If it’s true that everything is better with butter, it stands to reason that everything better can be made better-er with brown butter. This magical ingredient lends a deep and beautiful nutty flavor to whatever you’re making, whether it’s a sweet or savory dish. Butter can be replaced in a recipe with brown butter to improve an endless array of recipes—so try making a habit of browning your butter every time you bake. It only takes an extra bit of patience, and you’ll reap huge rewards.
To understand what brown butter is, you have to understand butter more broadly. In its natural, fresh-from-the-supermarket state, American-style butter is about 80% butterfat, 18% water, and 2% milk solids. When cooked low and slow, those milk solids “fry” in the melted butterfat, changing from milky white to golden brown and lending a nutty flavor to an already wonderful thing.
In theory, it should be easy for virtually anyone to make brown butter, as long as they can melt butter and identify the color brown. And yet far too many people struggle with the task, and needlessly so. Milk solids can go from brown to burnt in a matter of seconds, and once they’ve burnt, there’s no going back.
The easiest way to avoid burning your milk solids is by melting the butter sloooooowly over medium-low heat while keeping a constant eye on it. Yes, this is very, very boring. After a minute or two of staring at butter, it’s understandable why a person would want to crank the heat up to high and hope for the best. This will cause you to fail spectacularly. Don’t do it!
Here’s a butter-browning trick for less patient people: I set a small chunk of cold butter to the side of the pan, and when my melted butter is the right shade of brown, I add the cold butter to the pan to quickly reduce the temperature. Even if you believe you have the willpower to stay on the low-and-slow path, I suggest you do this too, just in case. The internet has destroyed our attention spans, and our butter shouldn’t have to suffer for it.
- Cut one stick of cold butter into eight pieces. Set one of those pieces to the side.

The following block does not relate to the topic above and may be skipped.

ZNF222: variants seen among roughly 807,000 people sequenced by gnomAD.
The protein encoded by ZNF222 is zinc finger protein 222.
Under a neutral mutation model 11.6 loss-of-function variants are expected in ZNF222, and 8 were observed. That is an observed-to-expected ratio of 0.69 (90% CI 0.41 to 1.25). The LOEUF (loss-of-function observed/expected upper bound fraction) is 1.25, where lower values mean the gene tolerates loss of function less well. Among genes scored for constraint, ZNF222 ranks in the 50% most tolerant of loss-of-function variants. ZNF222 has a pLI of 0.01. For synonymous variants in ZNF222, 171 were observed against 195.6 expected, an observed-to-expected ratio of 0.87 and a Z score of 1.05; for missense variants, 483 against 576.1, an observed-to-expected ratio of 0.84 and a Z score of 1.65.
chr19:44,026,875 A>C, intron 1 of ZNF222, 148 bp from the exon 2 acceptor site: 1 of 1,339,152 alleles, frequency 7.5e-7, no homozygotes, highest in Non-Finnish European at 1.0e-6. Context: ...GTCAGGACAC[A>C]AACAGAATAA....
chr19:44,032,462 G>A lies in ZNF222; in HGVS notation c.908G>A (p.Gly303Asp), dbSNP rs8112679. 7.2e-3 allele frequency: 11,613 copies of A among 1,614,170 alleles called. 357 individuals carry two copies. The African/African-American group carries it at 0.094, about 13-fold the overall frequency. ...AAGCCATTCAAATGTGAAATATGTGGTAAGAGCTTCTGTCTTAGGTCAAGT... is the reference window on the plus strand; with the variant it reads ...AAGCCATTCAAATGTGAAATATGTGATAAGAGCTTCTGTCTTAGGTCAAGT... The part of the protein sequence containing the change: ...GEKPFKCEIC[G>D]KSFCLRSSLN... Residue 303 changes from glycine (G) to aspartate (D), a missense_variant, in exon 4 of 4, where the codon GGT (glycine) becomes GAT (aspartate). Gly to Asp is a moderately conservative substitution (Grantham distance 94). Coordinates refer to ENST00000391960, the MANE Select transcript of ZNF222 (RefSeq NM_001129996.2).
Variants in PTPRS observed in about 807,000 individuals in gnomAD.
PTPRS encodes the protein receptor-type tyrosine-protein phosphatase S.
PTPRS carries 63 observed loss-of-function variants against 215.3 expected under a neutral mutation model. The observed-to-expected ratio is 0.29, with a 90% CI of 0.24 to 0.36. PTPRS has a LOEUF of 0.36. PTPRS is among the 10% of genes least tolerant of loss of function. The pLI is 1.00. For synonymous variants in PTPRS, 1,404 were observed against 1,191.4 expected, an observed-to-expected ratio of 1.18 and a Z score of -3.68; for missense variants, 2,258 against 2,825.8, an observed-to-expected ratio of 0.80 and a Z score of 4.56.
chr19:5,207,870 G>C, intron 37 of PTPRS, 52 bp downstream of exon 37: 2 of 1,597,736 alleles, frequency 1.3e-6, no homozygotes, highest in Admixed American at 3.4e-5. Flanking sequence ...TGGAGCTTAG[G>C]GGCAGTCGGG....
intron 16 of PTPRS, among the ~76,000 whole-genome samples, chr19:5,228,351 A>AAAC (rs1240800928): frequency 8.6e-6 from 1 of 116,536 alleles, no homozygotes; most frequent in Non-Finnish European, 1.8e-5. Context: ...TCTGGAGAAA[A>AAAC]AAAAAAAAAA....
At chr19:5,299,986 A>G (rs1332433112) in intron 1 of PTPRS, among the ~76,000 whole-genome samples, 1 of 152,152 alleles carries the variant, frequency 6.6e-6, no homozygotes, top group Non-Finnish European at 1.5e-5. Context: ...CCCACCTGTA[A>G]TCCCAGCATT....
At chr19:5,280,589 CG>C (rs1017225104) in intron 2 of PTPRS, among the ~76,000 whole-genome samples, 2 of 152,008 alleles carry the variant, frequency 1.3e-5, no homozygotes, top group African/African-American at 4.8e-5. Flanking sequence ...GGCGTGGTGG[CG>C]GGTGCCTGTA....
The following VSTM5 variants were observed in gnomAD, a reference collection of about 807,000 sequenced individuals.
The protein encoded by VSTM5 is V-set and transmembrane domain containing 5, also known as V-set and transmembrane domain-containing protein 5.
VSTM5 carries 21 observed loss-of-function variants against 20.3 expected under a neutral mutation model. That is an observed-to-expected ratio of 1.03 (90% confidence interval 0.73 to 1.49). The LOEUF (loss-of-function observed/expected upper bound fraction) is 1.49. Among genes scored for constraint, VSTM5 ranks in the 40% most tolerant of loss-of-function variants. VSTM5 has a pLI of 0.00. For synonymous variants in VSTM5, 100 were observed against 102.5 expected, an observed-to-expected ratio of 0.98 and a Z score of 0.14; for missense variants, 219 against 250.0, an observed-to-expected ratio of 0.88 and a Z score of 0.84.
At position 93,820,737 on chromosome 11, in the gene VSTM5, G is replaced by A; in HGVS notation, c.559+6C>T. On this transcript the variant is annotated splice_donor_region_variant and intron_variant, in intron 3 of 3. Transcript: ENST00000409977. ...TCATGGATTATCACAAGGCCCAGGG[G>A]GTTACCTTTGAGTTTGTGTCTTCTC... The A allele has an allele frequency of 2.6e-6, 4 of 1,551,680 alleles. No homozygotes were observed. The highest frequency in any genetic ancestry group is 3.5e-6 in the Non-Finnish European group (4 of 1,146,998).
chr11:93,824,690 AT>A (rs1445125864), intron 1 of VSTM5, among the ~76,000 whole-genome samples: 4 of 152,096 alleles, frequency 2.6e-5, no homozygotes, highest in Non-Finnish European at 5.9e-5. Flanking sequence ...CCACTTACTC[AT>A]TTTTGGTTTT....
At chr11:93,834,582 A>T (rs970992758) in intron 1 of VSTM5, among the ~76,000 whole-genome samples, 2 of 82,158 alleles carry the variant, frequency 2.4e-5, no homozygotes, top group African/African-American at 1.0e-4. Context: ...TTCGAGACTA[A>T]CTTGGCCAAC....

- Add the remaining seven pieces of butter to a skillet set over medium-low heat and allow the butter to melt.
- Continue cooking the butter while gently swirling it around the pan until it begins to turn light brown. (It can go from brown to burnt quickly, so do not take your eye off of it!)
- Turn off the heat and continue swirling the butter around the hot pan until it turns a medium-dark brown, then add the reserved piece of cold butter and keep swirling until it melts.
- Optional: For extra brown bits, add a bit of non-fat powdered milk to the butter right after it melts.
- Make some ridiculously indulgent slice-and-bake brown butter shortbread cookies. These can be made with toasted nuts, chocolate chips, or left alone to be their best brown butter-y selves.
- Try these brown butter bacon chocolate chip cookies.
- Spend a Saturday morning making my famous brown butter cinnamon rolls. They’re a big production, but the flavor is worth it. I’d never ask you to do such a laborious thing if it didn’t yield life-changing cinnamon rolls.
- Turn the magic of brown butter into a condiment that you can sprinkle on just about anything. Toasted brown butter solids are endlessly useful; stir them into pancake batter, sprinkle them on roasted vegetables, add it to pasta—whatever dish you want to make 20% more flavorful, brown butter is your friend.